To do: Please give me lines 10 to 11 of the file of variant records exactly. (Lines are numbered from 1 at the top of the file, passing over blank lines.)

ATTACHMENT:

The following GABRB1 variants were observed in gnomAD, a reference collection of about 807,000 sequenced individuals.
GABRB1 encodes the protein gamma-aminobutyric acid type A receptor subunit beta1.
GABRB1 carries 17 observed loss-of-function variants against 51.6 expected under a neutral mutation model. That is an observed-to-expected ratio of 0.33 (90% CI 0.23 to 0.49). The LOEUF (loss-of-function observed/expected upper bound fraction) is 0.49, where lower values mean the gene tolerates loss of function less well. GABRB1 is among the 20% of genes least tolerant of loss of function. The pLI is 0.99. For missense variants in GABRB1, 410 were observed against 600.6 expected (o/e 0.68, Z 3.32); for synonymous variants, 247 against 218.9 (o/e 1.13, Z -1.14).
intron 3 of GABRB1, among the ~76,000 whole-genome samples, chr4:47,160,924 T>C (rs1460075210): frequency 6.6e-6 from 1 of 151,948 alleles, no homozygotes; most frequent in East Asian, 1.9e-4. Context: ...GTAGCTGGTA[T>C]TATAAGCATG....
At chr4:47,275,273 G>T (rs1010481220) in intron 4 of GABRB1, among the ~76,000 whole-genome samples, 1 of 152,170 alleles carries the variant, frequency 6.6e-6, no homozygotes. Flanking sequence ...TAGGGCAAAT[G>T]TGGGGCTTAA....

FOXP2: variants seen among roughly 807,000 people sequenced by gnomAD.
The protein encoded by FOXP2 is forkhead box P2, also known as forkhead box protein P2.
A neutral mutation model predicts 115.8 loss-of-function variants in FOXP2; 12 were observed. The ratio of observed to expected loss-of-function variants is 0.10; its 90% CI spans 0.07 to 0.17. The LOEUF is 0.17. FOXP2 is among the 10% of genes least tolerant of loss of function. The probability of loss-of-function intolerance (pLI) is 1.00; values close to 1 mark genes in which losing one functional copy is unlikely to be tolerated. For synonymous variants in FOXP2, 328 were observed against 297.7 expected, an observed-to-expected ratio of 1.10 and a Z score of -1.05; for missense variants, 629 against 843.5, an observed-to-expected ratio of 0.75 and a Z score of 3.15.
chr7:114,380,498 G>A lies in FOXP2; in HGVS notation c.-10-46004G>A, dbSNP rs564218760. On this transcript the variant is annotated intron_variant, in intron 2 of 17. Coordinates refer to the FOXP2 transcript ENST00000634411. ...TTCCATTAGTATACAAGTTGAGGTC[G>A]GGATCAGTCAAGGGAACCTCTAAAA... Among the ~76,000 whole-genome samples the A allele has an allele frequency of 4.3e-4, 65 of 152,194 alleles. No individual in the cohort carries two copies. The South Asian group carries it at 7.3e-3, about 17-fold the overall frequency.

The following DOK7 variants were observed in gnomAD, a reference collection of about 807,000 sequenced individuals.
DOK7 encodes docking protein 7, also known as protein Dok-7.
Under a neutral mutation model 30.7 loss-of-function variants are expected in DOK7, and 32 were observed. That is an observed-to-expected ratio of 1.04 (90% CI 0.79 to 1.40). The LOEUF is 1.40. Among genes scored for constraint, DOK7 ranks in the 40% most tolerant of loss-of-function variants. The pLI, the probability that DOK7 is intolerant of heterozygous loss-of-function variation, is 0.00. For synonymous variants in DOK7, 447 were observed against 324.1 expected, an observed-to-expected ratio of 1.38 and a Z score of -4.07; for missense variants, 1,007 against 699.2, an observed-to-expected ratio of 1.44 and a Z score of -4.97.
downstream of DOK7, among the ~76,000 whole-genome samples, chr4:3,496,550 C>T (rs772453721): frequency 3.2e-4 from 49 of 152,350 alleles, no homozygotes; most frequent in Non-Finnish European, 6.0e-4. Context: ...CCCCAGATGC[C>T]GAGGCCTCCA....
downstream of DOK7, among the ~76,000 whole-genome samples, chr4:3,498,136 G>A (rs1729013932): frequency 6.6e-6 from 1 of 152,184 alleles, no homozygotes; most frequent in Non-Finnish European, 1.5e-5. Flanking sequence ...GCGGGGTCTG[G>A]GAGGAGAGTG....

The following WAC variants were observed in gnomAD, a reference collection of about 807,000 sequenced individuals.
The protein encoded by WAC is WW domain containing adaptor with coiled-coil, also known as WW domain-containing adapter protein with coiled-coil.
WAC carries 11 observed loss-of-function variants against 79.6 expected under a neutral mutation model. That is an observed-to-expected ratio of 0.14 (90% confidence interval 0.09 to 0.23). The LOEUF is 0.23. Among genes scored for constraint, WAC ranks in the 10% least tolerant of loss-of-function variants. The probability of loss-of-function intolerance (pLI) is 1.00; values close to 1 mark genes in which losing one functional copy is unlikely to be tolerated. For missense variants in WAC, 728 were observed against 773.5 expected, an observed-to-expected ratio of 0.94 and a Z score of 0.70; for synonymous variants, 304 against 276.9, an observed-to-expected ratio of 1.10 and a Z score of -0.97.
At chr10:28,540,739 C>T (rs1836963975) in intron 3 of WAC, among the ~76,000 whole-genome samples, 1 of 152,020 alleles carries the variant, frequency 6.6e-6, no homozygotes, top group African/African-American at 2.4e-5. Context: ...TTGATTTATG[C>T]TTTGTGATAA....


The following DOK7 variants were observed in gnomAD, a reference collection of about 807,000 sequenced individuals.
DOK7 encodes docking protein 7, also known as protein Dok-7.